Criminal Representation

Did Congress quietly make it a crime for lawyers to defend terror suspects?

On May 17, 2004, the left-wing lawyer Lynne Stewart will go on trial in New York for allegedly helping a convicted terrorist leader direct jihad operations from inside a federal prison.

Stewart has admitted in interviews since her indictment that in June 2000 she broke an agreement with the Justice Department and violated Bureau of Prisons restrictions to help her imprisoned client, the "blind sheikh" Omar Abdel Rahman, issue a press release to the Reuters news service recommending that his followers in the Islamic Group in Egypt abandon a two-year-old "cease-fire." The Islamic Group was responsible for the 1997 gun-and-knife massacre of 58 foreign tourists and four Egyptians at Luxor as well as other attacks.

Stewart claims that in issuing Abdel Rahman's press release, she did "nothing more than any other lawyer would ever do," helping her client communicate with the outside world and exercising her own right to free speech. She says she is being singled out for representing a reviled client.

Casual observers may be forgiven for dismissing the Stewart prosecution as an anomalous case of a reckless lawyer facing repercussions for irresponsible conduct, with no broader implications for the justice system. It's true that Lynne Stewart makes an implausible civil liberties heroine. She has expressed admiration for Abdel Rahman's decidedly illiberal vision of "positive social change," arguing that the radical Islamic revolution he seeks is "the only hope" for various oppressed peoples in the Middle East. She maintains that American criticism of the Taliban's treatment of women is a case of "the pot calling the kettle black" because of supposedly comparable discrimination against women here. And by her own admission, Stewart concluded for herself that the Bureau of Prison restrictions on Abdel Rahman's communications with the outside world were unreasonable and, instead of challenging the restrictions in court, deliberately helped the sheikh circumvent them.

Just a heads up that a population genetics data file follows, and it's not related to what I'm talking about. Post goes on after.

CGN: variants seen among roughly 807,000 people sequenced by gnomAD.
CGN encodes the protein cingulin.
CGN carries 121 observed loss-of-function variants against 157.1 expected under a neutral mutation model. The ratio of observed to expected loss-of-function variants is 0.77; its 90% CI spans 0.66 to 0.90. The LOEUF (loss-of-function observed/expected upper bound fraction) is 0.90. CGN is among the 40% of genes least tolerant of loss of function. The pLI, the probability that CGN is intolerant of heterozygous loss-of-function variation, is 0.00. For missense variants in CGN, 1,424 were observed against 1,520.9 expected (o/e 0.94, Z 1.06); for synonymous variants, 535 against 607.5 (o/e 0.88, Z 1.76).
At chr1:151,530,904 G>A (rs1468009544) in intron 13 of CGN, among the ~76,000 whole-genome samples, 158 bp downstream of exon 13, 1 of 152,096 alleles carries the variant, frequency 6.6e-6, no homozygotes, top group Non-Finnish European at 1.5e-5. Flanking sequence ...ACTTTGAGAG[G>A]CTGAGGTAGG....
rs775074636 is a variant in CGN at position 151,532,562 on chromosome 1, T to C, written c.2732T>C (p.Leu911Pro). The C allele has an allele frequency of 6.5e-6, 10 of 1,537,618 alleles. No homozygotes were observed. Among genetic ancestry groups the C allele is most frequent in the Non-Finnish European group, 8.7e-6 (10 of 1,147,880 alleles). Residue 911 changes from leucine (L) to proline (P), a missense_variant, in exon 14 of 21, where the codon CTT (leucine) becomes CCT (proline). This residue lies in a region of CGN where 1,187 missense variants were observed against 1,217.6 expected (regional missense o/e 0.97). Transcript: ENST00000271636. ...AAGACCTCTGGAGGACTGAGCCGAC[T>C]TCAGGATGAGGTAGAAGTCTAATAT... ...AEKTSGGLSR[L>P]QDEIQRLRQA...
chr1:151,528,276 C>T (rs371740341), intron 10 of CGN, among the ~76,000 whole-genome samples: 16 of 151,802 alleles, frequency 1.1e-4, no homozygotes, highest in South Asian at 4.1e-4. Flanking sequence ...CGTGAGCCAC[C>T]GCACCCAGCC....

Yet Stewart's prosecution has revealed a broad and troubling Justice Department strategy. This strategy goes far beyond the need to make sure lawyers abide by restrictions on prisoner communications -- restrictions motivated by the legitimate security concerns that cases like this raise. For that purpose, it would be sufficient to criminalize attorney violations of the restrictions known as "special administrative measures" (SAMs), which have been used since the Clinton administration to prevent Abdel Rahman and other imprisoned terrorists from communicating (directly or indirectly) with their supporters on the outside. Instead, the Justice Department is pursuing a course that threatens the Sixth Amendment right to legal representation by exposing just about any attorney who represents a suspected terrorist to the risk of prosecution, thereby discouraging lawyers from taking such cases or, if they do, from representing their clients zealously.

The conduct for which Stewart was charged occurred before September 11 and before Congress passed the USA PATRIOT Act, a statute aimed at enhancing federal power to fight terrorism. Stewart could not be prosecuted under the PATRIOT Act because of the Constitution's Ex Post Facto Clause, which forbids the application of criminal laws to conduct that occurred before they were passed. That was a lucky break for Stewart, who is instead charged under a predecessor law with providing "personnel" to a terrorist group (by helping Abdel Rahman maintain his leadership role from prison) and with committing "fraud" and uttering "false statements" by promising to abide by the SAMs when she allegedly had no intention of doing so -- a state of mind that may be difficult to prove.

Had the timing of her actions been different, Stewart could have been charged with violating a little-noticed provision of the PATRIOT Act that makes it a crime to provide "expert advice or assistance" to a terrorist group. Although the Justice Department cannot use that provision against Stewart -- and a California federal judge recently limited its reach -- the department's court submissions in her case take the position that legal representation of alleged terrorists is a crime under the PATRIOT Act if the lawyer can be portrayed as acting under "the direction and control" of a foreign terrorist organization. The law does not require any intent to further illegal activities, and the Justice Department contends that there is no exception for "good faith" or "bona fide" legal representation.